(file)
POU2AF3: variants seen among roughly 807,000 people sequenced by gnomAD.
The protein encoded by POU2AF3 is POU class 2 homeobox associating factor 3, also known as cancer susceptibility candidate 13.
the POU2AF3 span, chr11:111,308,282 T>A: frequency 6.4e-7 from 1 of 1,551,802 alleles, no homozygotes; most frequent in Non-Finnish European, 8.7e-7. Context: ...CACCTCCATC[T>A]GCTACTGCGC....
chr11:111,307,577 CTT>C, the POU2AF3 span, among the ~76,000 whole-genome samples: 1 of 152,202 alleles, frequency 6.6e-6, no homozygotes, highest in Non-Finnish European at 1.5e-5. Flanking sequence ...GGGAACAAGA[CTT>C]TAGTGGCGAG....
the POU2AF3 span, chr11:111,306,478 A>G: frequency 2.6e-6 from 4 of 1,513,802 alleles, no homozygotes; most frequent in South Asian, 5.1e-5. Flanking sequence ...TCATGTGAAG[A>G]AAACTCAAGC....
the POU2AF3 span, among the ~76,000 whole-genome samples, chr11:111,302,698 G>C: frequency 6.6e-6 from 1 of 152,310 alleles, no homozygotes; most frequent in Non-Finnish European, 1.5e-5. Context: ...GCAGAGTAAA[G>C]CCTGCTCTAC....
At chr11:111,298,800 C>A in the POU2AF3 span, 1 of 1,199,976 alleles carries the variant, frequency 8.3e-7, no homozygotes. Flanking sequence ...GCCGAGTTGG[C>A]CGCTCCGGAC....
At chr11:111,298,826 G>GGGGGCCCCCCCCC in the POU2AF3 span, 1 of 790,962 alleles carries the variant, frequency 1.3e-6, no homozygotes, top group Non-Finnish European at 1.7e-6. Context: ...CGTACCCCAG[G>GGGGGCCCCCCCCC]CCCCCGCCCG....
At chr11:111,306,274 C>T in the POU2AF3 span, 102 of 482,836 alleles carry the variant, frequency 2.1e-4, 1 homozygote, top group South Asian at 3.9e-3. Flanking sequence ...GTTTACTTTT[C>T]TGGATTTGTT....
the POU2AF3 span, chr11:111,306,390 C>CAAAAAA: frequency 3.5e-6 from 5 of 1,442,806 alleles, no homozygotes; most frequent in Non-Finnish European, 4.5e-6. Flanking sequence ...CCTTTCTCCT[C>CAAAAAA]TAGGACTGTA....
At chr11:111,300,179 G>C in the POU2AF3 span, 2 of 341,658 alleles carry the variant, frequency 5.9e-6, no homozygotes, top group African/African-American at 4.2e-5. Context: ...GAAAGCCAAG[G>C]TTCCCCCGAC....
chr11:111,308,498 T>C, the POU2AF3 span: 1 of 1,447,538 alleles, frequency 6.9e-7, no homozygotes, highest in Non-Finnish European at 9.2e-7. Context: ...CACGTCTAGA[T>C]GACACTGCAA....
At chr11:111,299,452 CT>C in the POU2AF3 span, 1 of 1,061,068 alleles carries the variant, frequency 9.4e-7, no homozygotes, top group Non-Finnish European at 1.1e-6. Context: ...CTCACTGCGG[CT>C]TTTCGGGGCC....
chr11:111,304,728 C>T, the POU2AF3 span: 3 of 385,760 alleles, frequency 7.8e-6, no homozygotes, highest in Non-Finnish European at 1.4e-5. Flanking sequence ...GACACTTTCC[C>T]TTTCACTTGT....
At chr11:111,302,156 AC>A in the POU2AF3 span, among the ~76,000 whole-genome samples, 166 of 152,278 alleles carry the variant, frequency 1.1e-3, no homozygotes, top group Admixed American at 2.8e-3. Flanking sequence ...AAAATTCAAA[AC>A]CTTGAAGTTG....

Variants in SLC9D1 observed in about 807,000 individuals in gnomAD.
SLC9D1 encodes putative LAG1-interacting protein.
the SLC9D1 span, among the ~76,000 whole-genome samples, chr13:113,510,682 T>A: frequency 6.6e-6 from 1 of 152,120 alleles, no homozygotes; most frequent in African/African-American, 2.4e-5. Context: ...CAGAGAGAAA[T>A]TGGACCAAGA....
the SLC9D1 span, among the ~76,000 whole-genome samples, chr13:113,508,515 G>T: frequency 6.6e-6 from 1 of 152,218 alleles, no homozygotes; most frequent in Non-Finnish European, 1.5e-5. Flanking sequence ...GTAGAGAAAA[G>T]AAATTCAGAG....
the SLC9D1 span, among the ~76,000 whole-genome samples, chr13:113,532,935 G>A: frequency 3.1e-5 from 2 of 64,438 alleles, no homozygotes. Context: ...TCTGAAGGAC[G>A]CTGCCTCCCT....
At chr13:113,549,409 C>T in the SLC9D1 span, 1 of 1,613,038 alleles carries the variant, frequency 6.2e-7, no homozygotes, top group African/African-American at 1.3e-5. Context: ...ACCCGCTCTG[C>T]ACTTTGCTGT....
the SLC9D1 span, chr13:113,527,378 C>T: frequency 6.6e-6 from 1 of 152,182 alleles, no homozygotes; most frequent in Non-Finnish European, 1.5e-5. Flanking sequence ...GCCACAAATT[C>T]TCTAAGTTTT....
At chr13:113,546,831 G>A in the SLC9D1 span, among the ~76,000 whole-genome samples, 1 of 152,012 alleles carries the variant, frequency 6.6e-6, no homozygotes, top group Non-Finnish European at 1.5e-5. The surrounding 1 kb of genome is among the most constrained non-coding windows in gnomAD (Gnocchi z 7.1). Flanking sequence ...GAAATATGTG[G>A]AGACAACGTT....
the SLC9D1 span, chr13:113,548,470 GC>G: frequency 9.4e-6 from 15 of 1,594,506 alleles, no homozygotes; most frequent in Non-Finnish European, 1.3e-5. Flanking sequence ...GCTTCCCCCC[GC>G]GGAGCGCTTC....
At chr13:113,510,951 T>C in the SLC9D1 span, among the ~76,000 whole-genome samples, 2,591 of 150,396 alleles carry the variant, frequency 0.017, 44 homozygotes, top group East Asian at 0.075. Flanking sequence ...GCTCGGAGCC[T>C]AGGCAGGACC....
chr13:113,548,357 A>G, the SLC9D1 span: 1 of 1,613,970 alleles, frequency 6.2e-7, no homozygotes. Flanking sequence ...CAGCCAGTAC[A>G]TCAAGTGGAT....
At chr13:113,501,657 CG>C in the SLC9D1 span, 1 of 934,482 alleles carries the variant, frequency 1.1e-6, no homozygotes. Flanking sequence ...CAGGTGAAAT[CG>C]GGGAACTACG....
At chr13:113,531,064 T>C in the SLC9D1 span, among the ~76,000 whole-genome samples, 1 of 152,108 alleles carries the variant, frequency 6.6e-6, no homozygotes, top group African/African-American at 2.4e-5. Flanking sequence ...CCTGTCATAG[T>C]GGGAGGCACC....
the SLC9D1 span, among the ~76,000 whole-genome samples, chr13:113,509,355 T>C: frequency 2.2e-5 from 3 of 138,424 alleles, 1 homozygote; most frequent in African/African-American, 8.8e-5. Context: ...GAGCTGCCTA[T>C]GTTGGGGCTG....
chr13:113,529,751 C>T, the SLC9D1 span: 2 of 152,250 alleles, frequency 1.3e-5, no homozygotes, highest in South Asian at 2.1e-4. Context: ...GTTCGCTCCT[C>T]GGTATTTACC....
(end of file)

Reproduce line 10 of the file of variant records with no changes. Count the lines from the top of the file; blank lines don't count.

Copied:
the POU2AF3 span, chr11:111,306,390 C>CAAAAAA: frequency 3.5e-6 from 5 of 1,442,806 alleles, no homozygotes; most frequent in Non-Finnish European, 4.5e-6. Flanking sequence ...CCTTTCTCCT[C>CAAAAAA]TAGGACTGTA....